I had a recent conversation with David Butler in relation to his post on pundit predictions on English Premier League games. As we got talking about the predictions, David made a particular observation that very few 0-0 draws were predicted by the pundits that he looked at. We thought that this was interesting as behavioural economics could be used to explain this phenomenon. It could be argued that individuals have a tendency toward a ‘something will happen’ prediction bias (this is my own made up name – I think Dave has a more technical term for it!). That is, when you are asked to predict a football score in particular, it is more often the case that an individual will predict that something will happen rather than nothing will happen. The automatic or impulsive part of your brain (System 1) works against the reflective or controlled part of your brain (System 2) and comes up with predictions which are not rational given what has happened in the past. Perhaps people think that predicting that the status quo will hold is in some senses, not considered to be a prediction.
I pointed out to him that Mark Lawrenson also does Premier League predictions in his role as a pundit for the BBC so our conversation ended with my proposal to analyse his predictions against the actual outcomes and see whether there is evidence of a bias. As an expert we might expect Lawrenson to rely more on the reflective or controlled part of his brain, he knows that 0-0 draws occur more often than what a non-expert might think. Or maybe not. I used data from the current English Premier League season covering matches up to last weekend (7th March 2015, Total Games = 279). The following figure plots the distribution of actual scores against Lawrenson’s predictions. One can see that the distribution of actual scores is a lot more random that the distribution of predictions. Lawrenson has a particular tendency to pick 2-0, 2-1, 1-1 and 0-2 as final scores.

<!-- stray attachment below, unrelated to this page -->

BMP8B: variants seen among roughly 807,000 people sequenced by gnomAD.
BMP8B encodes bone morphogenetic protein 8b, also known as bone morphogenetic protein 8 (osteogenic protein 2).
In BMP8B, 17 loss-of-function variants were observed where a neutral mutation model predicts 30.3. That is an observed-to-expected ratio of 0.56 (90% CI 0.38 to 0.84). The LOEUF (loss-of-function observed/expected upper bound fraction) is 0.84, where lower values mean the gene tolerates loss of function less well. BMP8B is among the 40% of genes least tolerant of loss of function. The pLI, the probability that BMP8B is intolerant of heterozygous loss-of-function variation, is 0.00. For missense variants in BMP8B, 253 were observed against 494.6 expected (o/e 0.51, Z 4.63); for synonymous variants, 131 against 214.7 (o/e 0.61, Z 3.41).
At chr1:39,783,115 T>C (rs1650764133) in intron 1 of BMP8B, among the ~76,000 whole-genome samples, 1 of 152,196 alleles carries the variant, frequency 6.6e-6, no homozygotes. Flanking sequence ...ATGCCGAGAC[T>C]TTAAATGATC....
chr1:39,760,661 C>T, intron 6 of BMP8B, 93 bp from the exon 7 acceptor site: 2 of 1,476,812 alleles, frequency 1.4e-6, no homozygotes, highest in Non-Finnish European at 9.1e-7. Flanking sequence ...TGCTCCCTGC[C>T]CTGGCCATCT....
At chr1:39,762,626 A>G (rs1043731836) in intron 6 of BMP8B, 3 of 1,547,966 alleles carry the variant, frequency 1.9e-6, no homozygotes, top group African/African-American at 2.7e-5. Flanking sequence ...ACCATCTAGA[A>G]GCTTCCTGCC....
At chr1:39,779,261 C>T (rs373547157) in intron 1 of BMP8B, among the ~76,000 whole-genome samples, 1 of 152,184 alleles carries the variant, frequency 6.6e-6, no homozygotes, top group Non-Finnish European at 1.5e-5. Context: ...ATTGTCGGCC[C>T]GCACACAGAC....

I have made some other calculations in the below table. Lawrenson also predicts more home wins that what has actually happened, conversely less away wins and less draws. His predictions have also never involved a game with more than 4 goals despite that fact that 26 of these games have occurred so far in the Premier League. Finally he has a tendency to over predict wins by small margins (2 goals or less).